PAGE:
Gerry Blass (email@example.com) is President and CEO at ComplyAssistant in Iselin, New Jersey. Dana Penny (firstname.lastname@example.org) is Chief Compliance Officer at The New Jewish Home in New York, NY.
In the wake of COVID-19, healthcare organizations have seen an uptick in spot or surprise audits by their state departments of health (DOHs) for emergency preparedness plans with a specific focus on pandemic response. Similar to other Centers for Medicare & Medicaid Services (CMS) mandates for emergency preparedness, every response is local, and health departments must handle many different emergencies, including expected, unexpected, and unimaginable threats. Collaboration between DOHs and healthcare providers is crucial during these times. Hence, state and local health departments’ current urgency is to ensure their regional healthcare providers are fully prepared for spot or surprise audits.
Is your organization ready in case that occurs? In this article, we cover steps your organization can and should take today to prepare in the event of a spot audit by your state’s DOH, beginning with how to build and publish an official pandemic response plan.
Change management and pandemic response
Following guidance from the Centers for Disease Control and Prevention (CDC), many state health departments now require providers to develop an official pandemic response plan and publish it on their websites. The posted plan must include provisions for staffing, infection control, and enhanced communications and should answer a variety of questions, such as:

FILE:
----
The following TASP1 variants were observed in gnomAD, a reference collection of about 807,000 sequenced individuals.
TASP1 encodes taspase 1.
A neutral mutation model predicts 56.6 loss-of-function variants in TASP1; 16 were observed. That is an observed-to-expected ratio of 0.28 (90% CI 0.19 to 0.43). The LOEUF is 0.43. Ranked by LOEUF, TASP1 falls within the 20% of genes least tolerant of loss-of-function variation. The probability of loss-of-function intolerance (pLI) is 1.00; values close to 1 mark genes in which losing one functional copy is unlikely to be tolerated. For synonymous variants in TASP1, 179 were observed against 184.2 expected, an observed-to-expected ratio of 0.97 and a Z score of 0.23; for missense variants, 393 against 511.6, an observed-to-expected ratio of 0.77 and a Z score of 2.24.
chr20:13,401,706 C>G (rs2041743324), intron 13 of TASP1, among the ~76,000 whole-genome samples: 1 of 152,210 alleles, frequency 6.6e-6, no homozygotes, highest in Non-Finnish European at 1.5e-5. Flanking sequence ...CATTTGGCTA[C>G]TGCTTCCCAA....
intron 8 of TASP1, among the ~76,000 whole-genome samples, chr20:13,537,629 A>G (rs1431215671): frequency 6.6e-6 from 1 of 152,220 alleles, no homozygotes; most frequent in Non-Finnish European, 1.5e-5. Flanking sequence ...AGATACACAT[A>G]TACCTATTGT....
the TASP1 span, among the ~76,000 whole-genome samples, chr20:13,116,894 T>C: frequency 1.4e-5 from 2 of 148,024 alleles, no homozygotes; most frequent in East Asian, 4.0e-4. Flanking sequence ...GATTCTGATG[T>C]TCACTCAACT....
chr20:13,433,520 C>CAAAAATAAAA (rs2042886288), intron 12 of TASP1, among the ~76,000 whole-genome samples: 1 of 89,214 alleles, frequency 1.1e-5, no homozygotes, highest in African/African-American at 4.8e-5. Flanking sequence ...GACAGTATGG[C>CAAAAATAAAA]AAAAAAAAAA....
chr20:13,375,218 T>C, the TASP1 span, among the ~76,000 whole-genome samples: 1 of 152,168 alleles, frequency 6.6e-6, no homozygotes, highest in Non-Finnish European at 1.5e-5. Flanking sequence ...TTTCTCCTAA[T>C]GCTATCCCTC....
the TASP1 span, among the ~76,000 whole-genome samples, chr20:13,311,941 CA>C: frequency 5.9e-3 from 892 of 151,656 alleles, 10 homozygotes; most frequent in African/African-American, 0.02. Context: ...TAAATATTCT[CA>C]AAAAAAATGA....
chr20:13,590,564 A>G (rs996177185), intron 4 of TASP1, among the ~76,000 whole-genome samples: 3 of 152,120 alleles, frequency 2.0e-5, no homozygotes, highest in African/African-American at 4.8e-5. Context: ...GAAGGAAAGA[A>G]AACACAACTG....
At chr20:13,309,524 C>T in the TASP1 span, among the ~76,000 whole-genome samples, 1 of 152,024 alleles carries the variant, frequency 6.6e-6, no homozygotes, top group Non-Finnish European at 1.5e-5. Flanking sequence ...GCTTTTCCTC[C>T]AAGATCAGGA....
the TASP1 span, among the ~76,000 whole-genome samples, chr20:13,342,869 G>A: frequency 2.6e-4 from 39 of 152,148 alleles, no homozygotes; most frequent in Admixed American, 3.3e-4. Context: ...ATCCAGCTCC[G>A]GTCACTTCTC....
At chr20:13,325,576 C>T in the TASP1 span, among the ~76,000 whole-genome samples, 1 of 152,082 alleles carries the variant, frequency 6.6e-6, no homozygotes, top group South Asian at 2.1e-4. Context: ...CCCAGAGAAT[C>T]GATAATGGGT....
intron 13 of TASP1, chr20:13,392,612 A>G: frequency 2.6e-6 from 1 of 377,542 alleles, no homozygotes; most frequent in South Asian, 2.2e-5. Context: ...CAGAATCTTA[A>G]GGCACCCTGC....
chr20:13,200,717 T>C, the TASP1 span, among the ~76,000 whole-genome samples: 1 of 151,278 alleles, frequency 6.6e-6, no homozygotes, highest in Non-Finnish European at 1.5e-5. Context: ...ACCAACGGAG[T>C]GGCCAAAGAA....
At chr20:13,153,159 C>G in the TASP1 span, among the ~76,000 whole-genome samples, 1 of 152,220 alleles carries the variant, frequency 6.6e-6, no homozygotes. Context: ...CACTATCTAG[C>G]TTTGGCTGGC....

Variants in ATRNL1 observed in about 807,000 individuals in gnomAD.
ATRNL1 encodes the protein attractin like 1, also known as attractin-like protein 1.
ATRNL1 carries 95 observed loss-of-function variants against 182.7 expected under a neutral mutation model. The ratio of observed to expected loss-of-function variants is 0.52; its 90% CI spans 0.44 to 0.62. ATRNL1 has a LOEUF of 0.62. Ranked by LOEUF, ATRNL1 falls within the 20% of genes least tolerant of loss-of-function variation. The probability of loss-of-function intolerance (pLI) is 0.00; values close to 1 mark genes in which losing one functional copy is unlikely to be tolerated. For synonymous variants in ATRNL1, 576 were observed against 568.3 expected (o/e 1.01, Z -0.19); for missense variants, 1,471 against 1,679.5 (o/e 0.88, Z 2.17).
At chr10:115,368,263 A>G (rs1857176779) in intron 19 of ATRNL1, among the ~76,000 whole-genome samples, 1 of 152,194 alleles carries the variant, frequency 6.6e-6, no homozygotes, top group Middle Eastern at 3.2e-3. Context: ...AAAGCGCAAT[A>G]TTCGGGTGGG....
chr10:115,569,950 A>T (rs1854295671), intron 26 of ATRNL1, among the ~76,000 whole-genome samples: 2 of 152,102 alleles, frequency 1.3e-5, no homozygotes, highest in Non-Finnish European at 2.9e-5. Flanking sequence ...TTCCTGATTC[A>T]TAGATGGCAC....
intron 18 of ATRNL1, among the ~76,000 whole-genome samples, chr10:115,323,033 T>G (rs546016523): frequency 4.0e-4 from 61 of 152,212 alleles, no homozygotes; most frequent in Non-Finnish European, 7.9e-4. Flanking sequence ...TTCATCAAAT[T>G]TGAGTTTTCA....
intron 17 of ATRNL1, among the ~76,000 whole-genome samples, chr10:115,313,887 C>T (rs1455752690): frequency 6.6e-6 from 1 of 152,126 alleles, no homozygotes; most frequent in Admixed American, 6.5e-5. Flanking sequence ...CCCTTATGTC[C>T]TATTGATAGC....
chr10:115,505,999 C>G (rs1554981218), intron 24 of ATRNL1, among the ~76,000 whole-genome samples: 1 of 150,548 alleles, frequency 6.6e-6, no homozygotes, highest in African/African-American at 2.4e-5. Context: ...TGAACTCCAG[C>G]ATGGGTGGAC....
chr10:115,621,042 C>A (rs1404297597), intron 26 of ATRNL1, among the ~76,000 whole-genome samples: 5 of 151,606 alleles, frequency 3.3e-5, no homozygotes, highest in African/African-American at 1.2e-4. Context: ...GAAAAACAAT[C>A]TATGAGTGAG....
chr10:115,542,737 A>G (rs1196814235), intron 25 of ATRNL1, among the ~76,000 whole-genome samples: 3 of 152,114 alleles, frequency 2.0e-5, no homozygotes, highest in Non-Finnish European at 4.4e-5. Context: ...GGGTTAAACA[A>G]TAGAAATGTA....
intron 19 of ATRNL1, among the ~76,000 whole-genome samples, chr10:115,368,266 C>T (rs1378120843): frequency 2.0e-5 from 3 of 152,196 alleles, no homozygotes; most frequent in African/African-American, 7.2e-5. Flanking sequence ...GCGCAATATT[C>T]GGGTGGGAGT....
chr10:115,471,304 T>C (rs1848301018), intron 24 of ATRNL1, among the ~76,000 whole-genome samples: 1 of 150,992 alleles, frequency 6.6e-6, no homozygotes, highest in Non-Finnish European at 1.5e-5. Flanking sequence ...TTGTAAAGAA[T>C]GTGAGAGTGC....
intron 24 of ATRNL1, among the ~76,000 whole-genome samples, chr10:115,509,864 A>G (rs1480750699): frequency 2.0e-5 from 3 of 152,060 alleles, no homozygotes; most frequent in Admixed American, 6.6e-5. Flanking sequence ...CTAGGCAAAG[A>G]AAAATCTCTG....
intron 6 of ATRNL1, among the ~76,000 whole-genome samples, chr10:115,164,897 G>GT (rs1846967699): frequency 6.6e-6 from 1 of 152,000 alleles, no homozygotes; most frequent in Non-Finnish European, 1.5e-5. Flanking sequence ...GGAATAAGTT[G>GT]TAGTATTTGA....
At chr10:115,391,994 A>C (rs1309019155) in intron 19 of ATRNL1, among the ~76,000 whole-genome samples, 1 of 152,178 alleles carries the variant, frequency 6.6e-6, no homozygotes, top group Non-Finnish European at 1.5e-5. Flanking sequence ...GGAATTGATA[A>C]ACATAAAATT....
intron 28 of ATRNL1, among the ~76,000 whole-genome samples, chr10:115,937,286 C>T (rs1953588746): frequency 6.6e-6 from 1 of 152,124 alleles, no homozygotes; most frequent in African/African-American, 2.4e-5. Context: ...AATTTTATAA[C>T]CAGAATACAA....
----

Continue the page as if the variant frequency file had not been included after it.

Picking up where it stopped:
How will you enable communications between patients and their families?
If medical staff are in quarantine due to exposure, do they have the means to telecommute to conduct patient care?
What training and communications processes are in place for staff, patients, and families?
What infection control steps were taken? How do you plan to limit staff interaction? How will you minimize contamination between units?
How will you ensure providers have easy access to patient records?
What is your process for staying updated with recommendations from state and local health departments?
U.S. Department of Health & Human Services is currently focused on evaluating emergency preparedness plan (EPP) programs —how well organizations assessed what they needed to do during the pandemic, what processes they followed, and how they will implement EPP practices in case of future incidents. Is the program organized, up to date, and ready to be followed the next time around? Department auditors want to see lessons learned, mitigation measures, and related due diligence through complete, current documentation.